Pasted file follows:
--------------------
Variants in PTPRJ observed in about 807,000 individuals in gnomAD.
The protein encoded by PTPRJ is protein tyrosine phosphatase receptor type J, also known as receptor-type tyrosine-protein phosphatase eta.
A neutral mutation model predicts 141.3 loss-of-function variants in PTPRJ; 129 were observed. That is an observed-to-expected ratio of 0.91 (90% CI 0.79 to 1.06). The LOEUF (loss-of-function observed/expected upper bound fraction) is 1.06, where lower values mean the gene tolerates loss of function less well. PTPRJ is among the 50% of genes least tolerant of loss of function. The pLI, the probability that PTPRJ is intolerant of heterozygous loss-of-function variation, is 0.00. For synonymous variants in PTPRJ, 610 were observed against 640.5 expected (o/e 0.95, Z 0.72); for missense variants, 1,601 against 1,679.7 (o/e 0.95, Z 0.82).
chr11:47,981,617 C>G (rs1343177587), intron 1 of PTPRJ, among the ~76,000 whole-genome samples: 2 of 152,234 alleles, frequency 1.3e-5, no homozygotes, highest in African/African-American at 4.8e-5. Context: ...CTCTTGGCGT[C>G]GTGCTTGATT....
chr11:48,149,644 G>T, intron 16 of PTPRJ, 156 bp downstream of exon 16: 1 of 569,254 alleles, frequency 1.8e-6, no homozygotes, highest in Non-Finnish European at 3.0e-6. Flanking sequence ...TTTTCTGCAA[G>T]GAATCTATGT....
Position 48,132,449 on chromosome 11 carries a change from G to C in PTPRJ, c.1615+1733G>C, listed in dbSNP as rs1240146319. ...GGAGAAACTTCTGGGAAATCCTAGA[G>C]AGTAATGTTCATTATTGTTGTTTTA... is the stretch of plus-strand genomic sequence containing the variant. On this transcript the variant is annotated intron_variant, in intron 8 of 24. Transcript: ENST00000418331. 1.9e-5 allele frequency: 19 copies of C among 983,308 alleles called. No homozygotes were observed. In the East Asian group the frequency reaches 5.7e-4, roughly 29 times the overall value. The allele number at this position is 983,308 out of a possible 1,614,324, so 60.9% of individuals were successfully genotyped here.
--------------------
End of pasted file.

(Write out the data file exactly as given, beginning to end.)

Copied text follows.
Variants in PTPRJ observed in about 807,000 individuals in gnomAD.
The protein encoded by PTPRJ is protein tyrosine phosphatase receptor type J, also known as receptor-type tyrosine-protein phosphatase eta.
A neutral mutation model predicts 141.3 loss-of-function variants in PTPRJ; 129 were observed. That is an observed-to-expected ratio of 0.91 (90% CI 0.79 to 1.06). The LOEUF (loss-of-function observed/expected upper bound fraction) is 1.06, where lower values mean the gene tolerates loss of function less well. PTPRJ is among the 50% of genes least tolerant of loss of function. The pLI, the probability that PTPRJ is intolerant of heterozygous loss-of-function variation, is 0.00. For synonymous variants in PTPRJ, 610 were observed against 640.5 expected (o/e 0.95, Z 0.72); for missense variants, 1,601 against 1,679.7 (o/e 0.95, Z 0.82).
chr11:47,981,617 C>G (rs1343177587), intron 1 of PTPRJ, among the ~76,000 whole-genome samples: 2 of 152,234 alleles, frequency 1.3e-5, no homozygotes, highest in African/African-American at 4.8e-5. Context: ...CTCTTGGCGT[C>G]GTGCTTGATT....
chr11:48,149,644 G>T, intron 16 of PTPRJ, 156 bp downstream of exon 16: 1 of 569,254 alleles, frequency 1.8e-6, no homozygotes, highest in Non-Finnish European at 3.0e-6. Flanking sequence ...TTTTCTGCAA[G>T]GAATCTATGT....
Position 48,132,449 on chromosome 11 carries a change from G to C in PTPRJ, c.1615+1733G>C, listed in dbSNP as rs1240146319. ...GGAGAAACTTCTGGGAAATCCTAGA[G>C]AGTAATGTTCATTATTGTTGTTTTA... is the stretch of plus-strand genomic sequence containing the variant. On this transcript the variant is annotated intron_variant, in intron 8 of 24. Transcript: ENST00000418331. 1.9e-5 allele frequency: 19 copies of C among 983,308 alleles called. No homozygotes were observed. In the East Asian group the frequency reaches 5.7e-4, roughly 29 times the overall value. The allele number at this position is 983,308 out of a possible 1,614,324, so 60.9% of individuals were successfully genotyped here.